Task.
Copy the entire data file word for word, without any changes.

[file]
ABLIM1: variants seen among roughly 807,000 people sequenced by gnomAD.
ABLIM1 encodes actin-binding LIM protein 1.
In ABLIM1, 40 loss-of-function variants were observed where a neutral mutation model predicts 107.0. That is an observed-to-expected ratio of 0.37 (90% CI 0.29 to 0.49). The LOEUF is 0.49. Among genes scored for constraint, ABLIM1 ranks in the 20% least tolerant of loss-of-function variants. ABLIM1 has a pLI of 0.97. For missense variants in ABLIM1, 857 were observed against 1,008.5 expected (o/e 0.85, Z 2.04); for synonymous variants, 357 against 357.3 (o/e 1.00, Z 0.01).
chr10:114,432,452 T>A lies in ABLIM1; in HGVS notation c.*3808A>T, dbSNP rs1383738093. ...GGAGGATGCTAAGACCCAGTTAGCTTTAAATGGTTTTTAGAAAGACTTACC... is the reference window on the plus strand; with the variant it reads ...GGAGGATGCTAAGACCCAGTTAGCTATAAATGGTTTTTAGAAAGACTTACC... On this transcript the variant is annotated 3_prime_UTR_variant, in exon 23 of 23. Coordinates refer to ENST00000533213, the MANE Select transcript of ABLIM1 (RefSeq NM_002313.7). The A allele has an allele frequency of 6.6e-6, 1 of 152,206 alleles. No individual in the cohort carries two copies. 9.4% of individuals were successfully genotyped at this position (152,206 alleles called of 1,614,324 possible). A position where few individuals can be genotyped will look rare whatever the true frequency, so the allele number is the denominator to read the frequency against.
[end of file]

ABLIM1: variants seen among roughly 807,000 people sequenced by gnomAD.
ABLIM1 encodes actin-binding LIM protein 1.
In ABLIM1, 40 loss-of-function variants were observed where a neutral mutation model predicts 107.0. That is an observed-to-expected ratio of 0.37 (90% CI 0.29 to 0.49). The LOEUF is 0.49. Among genes scored for constraint, ABLIM1 ranks in the 20% least tolerant of loss-of-function variants. ABLIM1 has a pLI of 0.97. For missense variants in ABLIM1, 857 were observed against 1,008.5 expected (o/e 0.85, Z 2.04); for synonymous variants, 357 against 357.3 (o/e 1.00, Z 0.01).
chr10:114,432,452 T>A lies in ABLIM1; in HGVS notation c.*3808A>T, dbSNP rs1383738093. ...GGAGGATGCTAAGACCCAGTTAGCTTTAAATGGTTTTTAGAAAGACTTACC... is the reference window on the plus strand; with the variant it reads ...GGAGGATGCTAAGACCCAGTTAGCTATAAATGGTTTTTAGAAAGACTTACC... On this transcript the variant is annotated 3_prime_UTR_variant, in exon 23 of 23. Coordinates refer to ENST00000533213, the MANE Select transcript of ABLIM1 (RefSeq NM_002313.7). The A allele has an allele frequency of 6.6e-6, 1 of 152,206 alleles. No individual in the cohort carries two copies. 9.4% of individuals were successfully genotyped at this position (152,206 alleles called of 1,614,324 possible). A position where few individuals can be genotyped will look rare whatever the true frequency, so the allele number is the denominator to read the frequency against.